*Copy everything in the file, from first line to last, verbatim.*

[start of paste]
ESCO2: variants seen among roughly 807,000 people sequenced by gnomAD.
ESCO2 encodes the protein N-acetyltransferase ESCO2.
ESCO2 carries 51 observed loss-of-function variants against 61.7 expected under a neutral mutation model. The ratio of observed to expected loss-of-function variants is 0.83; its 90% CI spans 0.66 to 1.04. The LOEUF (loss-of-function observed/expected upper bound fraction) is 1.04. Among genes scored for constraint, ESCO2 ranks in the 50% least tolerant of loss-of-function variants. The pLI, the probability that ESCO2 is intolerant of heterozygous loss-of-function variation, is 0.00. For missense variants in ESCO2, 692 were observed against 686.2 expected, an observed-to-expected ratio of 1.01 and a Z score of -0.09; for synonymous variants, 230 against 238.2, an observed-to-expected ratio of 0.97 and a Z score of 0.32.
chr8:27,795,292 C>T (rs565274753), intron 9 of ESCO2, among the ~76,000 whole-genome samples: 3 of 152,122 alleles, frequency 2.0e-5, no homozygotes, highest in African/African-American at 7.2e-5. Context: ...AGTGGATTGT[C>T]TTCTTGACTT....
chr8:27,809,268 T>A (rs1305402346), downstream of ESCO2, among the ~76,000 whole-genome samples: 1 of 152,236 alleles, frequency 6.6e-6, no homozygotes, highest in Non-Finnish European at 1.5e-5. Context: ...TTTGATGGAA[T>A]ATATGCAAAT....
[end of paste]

ESCO2: variants seen among roughly 807,000 people sequenced by gnomAD.
ESCO2 encodes the protein N-acetyltransferase ESCO2.
ESCO2 carries 51 observed loss-of-function variants against 61.7 expected under a neutral mutation model. The ratio of observed to expected loss-of-function variants is 0.83; its 90% CI spans 0.66 to 1.04. The LOEUF (loss-of-function observed/expected upper bound fraction) is 1.04. Among genes scored for constraint, ESCO2 ranks in the 50% least tolerant of loss-of-function variants. The pLI, the probability that ESCO2 is intolerant of heterozygous loss-of-function variation, is 0.00. For missense variants in ESCO2, 692 were observed against 686.2 expected, an observed-to-expected ratio of 1.01 and a Z score of -0.09; for synonymous variants, 230 against 238.2, an observed-to-expected ratio of 0.97 and a Z score of 0.32.
chr8:27,795,292 C>T (rs565274753), intron 9 of ESCO2, among the ~76,000 whole-genome samples: 3 of 152,122 alleles, frequency 2.0e-5, no homozygotes, highest in African/African-American at 7.2e-5. Context: ...AGTGGATTGT[C>T]TTCTTGACTT....
chr8:27,809,268 T>A (rs1305402346), downstream of ESCO2, among the ~76,000 whole-genome samples: 1 of 152,236 alleles, frequency 6.6e-6, no homozygotes, highest in Non-Finnish European at 1.5e-5. Context: ...TTTGATGGAA[T>A]ATATGCAAAT....